Customs from the Wedding Chupah



   
    February 2009            
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Under the Chuppah

By Moshe Howard

Most people who have gone to Jewish weddings are familiar with the special act that seems to be part of the Chupah – this is when the groom stomps on a glass and breaks it. To many this is a happy point in the wedding ceremony; some sort of milestone has been reached.

Before the bride and groom actually come to the chuppah, there is the writing of the Kethuba and then the groom is escorted to the chuppah followed shortly by the bride. She circles the groom seven times, slowly, as they both recite palms. The various rabbis and honored guests are called up to recite blessings under the chuppa as the guests listen quietly and respectfully. At the end of all of this a glass is placed under the heel of the groom and he smashes it with his foot to the roar of approval of the guests who greet this action by exclaiming "mazel tov!"


Breaking the Glass under the Chupah

At many weddings this is the turning point. The crowd begins to sing; the band begins to play a joyous melody and every one smiles and the wedding festivities are set to begin. The bride and groom are escorted by the guests who dance and sing to them as they make their way to their "yechud" room, the room set aside for them to be together.

But it is interesting to note the manner in which this custom of breaking the glass began and how it developed. First let us see where did the concept of breaking the glass start?

The source is in the Talmud Brachot, 30b:

    Mar, the son of Ravina, made a wedding for his son. He saw that the rabbis were getting too merry so he took a glass that was valued at four hundred zuz and broke it in front of them and they sobered up.

    Rav Ashi made a wedding for his son. He saw that the rabbis were getting too merry so he took a glass that was from white glass (very expensive) and broke it in front of them and brought them down from their merriment.

From these two cases cited in the Talmud began the tradition of breaking a glass at a wedding. However, we should note that in the beginning it was not broken by the groom, but by the father of the groom. Later in time, it developed to become that the glass that the blessings were made over was smashed on a nearby wall, some communities even had a special stone in the shape of a lion upon which to smash that glass.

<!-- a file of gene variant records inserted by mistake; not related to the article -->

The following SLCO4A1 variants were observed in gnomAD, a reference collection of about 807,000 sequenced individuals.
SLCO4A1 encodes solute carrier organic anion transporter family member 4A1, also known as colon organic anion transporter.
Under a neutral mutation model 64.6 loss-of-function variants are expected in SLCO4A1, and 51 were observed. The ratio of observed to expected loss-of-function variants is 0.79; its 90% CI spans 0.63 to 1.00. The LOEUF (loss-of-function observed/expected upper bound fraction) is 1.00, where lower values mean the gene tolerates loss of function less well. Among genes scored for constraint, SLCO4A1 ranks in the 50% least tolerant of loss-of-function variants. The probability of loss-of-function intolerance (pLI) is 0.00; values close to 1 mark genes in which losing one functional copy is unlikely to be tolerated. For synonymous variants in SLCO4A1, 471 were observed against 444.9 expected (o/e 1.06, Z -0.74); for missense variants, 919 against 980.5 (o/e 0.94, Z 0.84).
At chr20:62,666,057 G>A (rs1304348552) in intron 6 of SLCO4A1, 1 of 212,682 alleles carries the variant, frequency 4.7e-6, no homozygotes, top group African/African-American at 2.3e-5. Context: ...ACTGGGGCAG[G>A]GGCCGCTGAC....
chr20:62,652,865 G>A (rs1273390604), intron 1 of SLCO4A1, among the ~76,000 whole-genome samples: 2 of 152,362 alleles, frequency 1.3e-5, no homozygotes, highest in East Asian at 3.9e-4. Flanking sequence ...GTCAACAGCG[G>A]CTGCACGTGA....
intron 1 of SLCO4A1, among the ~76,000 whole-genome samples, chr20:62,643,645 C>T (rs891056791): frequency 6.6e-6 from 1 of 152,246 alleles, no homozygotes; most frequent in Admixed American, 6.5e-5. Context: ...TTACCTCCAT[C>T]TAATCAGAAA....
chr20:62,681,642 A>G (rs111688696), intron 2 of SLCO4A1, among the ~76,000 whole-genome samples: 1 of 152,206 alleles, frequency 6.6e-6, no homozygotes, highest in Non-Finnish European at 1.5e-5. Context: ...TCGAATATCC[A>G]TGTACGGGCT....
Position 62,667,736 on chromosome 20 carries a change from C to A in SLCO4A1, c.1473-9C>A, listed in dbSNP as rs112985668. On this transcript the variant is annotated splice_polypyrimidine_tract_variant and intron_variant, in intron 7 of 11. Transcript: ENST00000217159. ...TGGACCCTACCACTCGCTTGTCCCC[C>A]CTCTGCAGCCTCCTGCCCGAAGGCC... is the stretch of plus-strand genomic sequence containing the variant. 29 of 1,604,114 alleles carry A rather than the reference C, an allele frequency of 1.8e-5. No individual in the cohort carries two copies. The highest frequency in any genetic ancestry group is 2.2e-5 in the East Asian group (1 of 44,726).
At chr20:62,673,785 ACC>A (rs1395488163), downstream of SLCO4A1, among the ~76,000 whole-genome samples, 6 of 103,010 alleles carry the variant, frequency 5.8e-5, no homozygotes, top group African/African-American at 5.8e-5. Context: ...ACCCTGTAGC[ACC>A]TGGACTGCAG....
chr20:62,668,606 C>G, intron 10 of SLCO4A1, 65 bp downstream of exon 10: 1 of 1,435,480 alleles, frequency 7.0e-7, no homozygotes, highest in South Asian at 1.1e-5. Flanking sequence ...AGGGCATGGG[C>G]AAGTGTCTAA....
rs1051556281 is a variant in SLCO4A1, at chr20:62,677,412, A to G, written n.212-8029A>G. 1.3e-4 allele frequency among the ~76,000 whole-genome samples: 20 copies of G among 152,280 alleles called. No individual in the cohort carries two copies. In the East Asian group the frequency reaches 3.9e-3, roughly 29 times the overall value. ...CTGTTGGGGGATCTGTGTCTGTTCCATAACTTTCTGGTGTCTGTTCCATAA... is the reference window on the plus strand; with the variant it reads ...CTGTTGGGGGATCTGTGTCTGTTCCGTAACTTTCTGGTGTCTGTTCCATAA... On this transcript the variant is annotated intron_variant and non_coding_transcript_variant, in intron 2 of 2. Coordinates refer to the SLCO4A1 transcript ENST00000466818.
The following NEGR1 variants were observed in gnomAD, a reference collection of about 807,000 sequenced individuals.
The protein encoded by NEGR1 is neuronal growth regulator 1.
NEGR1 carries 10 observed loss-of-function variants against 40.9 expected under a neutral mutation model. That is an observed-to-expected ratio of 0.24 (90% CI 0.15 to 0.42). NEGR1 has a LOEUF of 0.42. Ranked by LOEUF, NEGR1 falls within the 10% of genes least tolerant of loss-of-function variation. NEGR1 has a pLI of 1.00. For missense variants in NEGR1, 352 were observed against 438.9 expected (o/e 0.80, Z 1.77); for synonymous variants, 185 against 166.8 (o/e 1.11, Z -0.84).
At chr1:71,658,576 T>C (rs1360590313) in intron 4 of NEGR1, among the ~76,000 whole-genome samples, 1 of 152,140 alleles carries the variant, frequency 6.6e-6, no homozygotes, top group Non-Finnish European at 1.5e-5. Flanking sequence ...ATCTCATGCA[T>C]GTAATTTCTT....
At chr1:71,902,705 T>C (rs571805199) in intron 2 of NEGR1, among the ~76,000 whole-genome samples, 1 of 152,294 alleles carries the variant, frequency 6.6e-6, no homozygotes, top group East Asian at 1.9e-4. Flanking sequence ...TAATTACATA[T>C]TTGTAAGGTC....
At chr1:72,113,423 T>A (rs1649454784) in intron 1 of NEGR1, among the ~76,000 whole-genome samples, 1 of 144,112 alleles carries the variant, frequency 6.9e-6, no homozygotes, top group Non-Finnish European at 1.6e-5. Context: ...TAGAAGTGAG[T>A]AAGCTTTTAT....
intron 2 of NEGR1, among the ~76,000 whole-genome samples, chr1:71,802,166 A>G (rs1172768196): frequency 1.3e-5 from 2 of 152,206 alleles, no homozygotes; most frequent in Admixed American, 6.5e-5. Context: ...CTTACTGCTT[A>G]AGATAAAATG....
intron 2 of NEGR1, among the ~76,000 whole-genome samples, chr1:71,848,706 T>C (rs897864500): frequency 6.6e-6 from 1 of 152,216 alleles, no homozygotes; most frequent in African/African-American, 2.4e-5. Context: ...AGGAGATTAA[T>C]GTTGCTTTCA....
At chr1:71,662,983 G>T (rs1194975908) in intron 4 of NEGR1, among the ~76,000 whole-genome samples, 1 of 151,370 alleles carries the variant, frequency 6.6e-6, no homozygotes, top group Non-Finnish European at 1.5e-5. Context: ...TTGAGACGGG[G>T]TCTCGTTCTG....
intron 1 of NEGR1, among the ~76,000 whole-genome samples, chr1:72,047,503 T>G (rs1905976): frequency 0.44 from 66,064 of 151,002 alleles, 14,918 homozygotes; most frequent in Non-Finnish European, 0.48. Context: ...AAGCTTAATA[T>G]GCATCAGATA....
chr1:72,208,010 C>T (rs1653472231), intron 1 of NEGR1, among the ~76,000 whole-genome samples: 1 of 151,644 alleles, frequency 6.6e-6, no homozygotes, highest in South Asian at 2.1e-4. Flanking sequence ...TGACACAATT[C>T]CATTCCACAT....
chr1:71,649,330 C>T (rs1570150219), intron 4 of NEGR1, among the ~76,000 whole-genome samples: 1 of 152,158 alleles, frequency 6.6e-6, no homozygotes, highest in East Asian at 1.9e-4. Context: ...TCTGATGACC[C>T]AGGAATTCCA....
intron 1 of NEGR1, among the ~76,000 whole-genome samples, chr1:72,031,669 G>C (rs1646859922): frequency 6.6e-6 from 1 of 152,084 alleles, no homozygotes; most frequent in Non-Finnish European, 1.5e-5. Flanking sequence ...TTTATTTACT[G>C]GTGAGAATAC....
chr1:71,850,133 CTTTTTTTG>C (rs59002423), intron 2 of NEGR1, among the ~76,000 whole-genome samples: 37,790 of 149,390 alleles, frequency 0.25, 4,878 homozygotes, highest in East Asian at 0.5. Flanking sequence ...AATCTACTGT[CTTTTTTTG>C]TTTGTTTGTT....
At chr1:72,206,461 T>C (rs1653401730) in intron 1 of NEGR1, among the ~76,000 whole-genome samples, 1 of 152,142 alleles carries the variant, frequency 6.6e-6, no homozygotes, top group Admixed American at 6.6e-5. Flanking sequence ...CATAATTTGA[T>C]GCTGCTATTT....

Some give the reason for the incorporating the smashing of the glass into the wedding ceremony as a remembrance of the Temple, basing it on a verse in Palm 137, "If I forget you Jerusalem...if I do not bring Jerusalem to mind at the height of my joy…"

Some try to explain it allegorically that the glass is made from sand, a very common and cheap material in our earthly world. Yet through the workings of a master craftsman (in there times at least) it was transformed into a vessel of rare beauty and value. Yet it can not last forever, someday it will be broken and then it will return to the sand from which it was taken. This is an allusion to man, who through the craftsmanship of G-d, is created from the dust of the earth to become a valuable creation, yet, no matter how valuable he may be or greatness he may achieve, he too will return to the dust. Therefore when the rabbis saw the glass being broken, it reminded them that they too will return to their former state and give an explanation to their Maker for all of their actions.

Yet through the generations the custom slowly evolved that it be the groom who breaks the glass, not the father, and that he break it by stepping on it with his foot, not smashing it into a wall. Not only that, but instead of it becoming a moment of sober reflection, a time of reducing the level of the merriment, it changed and evolved into a time of raising up the merriment.

The custom of breaking the glass at weddings has perhaps changed throughout the generations, but the lesson that is in the custom is still relevant, but it is upon us to contemplate the meaning of it. May we all merit to see many Jewish weddings.

~~~~~~~

from the Februrary 2009 Edition of the Jewish Magazine




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